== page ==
FG: Over the past two years, you have worked with French visual designer Sébastien Labrunie in Hypersonic and other sound performance platforms. Tell us about your artistic exploration with him.
Lu: During my early days as an artist, I met Sébastien Labrunie by chance. We felt we had a good connection and wanted to do something together. Later, Wang Fujui founded Hypersonic, which was a performance platform for new sound artists. Séb and I decided to go for it. We formed a group called Sondes, which means “electric wave receiver”.
Over the past two years, Séb has been experimenting with a whole new visual technology. The technology not only makes videos look immersive, 3D and kinetic, but also enables synchronous movement between visuals and performers with the use of controllers. He applied his new discoveries to our joint performance and created some genuine audio-visual interactions. My sound arts provided Séb with concise and contrastive visuals. In the end, he chose to present his art in symmetrical black-and-white stripes to go with mine and the result was a performance with an organic feel.
Following Hypersonic, we performed at Generate the night, TAD After Party, Lacking Sound Festival: Listen and other platforms. We continue to search for new possibilities, one of which could involve the use of Lyra VR, a VR sound software application that Séb is familiar with, in the creative process. We also hope to release our own album.
譬如《時電聲態》這件聲音裝置，核心是Atari Punk Console這套源自80年代遊戲主機的電路結構，我從福瑞那裡學會如何焊接電路及搭配電容等知識，然後再加入自己對當下生活的感受，把它改造成時鐘的樣子，讓它發出既受規律約束，但又擾動隨機的狀態。當時因為忙碌身心失序，但在工作上又得準確跟上行程，導致了某種「時差」；此外我對「噪音」也有相似的感受，它既是一種紛亂的錯誤能量，但又像是自我嚮往原始平衡的正向追尋，這些矛盾促成了這件作品。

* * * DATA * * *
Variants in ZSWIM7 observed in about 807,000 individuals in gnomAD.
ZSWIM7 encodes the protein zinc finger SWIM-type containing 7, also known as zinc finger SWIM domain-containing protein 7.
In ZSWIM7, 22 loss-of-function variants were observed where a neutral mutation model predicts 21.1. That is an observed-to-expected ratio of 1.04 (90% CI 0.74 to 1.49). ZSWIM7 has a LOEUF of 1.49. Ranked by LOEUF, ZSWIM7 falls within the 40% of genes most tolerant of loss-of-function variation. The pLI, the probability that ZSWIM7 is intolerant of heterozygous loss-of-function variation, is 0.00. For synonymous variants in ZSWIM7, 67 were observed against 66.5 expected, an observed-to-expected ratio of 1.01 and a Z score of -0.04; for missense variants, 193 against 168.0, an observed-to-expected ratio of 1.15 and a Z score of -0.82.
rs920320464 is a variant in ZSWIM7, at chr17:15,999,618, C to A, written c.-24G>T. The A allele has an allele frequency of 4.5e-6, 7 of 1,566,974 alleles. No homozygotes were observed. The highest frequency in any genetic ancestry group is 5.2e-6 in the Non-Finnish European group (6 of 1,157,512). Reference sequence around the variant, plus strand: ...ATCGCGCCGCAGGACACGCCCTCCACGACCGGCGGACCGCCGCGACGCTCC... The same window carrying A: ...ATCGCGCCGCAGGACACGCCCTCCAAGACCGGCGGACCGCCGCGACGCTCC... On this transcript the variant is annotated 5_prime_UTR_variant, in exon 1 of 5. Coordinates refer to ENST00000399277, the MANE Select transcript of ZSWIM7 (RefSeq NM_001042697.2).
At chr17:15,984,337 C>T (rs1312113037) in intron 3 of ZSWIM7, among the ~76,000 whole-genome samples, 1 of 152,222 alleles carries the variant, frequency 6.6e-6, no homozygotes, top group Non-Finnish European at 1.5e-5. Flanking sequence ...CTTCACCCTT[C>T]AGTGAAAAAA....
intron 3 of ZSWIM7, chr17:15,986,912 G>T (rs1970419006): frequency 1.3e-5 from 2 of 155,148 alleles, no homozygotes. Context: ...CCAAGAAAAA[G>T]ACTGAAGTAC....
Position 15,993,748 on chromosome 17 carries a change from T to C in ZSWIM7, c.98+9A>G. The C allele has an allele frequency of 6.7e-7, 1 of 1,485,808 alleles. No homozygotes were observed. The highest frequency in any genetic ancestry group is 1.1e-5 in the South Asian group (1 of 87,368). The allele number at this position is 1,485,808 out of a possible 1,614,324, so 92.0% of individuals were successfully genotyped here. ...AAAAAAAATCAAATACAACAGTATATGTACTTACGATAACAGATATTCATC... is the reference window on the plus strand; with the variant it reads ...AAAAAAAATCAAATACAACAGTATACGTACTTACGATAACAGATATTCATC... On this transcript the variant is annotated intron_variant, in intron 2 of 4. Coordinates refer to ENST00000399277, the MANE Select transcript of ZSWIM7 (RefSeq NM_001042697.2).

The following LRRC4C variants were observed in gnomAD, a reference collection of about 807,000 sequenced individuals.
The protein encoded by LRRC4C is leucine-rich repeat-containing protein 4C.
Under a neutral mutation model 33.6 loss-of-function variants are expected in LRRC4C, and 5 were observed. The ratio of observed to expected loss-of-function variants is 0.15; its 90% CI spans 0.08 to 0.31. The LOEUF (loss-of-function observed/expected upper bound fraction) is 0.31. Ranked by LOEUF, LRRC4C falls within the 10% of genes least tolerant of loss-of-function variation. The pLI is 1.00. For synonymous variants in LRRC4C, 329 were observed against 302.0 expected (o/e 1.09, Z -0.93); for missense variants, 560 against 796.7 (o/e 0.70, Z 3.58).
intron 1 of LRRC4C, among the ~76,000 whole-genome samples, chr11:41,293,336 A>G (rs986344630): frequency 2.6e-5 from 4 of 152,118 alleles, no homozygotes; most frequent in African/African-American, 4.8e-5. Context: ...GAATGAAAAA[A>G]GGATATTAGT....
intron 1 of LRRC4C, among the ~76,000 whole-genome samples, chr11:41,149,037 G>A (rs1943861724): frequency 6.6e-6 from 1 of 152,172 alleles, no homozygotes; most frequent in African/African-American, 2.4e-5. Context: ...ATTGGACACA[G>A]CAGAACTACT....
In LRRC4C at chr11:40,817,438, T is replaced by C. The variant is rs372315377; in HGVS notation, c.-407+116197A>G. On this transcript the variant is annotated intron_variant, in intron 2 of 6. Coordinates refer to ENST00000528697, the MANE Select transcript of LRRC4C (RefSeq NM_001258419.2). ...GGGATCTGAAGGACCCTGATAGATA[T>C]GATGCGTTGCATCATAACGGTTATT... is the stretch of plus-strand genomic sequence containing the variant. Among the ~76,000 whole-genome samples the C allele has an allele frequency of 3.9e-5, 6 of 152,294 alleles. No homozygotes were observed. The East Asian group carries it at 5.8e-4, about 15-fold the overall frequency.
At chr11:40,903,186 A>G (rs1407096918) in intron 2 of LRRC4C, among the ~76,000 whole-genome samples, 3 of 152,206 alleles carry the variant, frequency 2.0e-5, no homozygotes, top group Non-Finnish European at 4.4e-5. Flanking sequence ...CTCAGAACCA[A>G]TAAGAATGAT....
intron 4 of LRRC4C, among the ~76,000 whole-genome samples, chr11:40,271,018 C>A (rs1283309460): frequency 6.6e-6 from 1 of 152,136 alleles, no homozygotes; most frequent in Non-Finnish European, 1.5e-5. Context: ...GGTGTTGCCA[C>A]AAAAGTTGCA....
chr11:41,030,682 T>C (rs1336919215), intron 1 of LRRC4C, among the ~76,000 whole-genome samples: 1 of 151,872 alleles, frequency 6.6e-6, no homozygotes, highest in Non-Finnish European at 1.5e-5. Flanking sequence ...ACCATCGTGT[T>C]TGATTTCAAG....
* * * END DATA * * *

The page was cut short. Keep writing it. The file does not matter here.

FG: You have developed several sound devices and demonstrated some of the basic components at workshops. Tell us about those endeavors.
Lu: I create sound arts by using sound sampling, home-made electronic instruments, circuit bending, hardware hackers and analog errors. After spending years with Wang Fujui, I tend to follow his techniques. We also look for things that can be remodified to make sounds.
Take the sound installation Time Electric Sound State for example: The core component is an Atari Punk Console, which was named after a game console popular in the 1980s. Wang taught me about circuit welding and capacitance. I decided to modify the circuit into a clock-like object because that was how I felt about my life at that time. The sounds of the installation were both patterned and disturbingly random. The idea was mimic the “jetlagged state” that I found myself in back in those days: trying to be on schedule while being physically and mentally exhausted from work. I have the same mixed feelings about noise, which I see as a chaotic energy of error, but also a positive gateway to achieving natural equilibrium. These contradictions helped materialize the installation.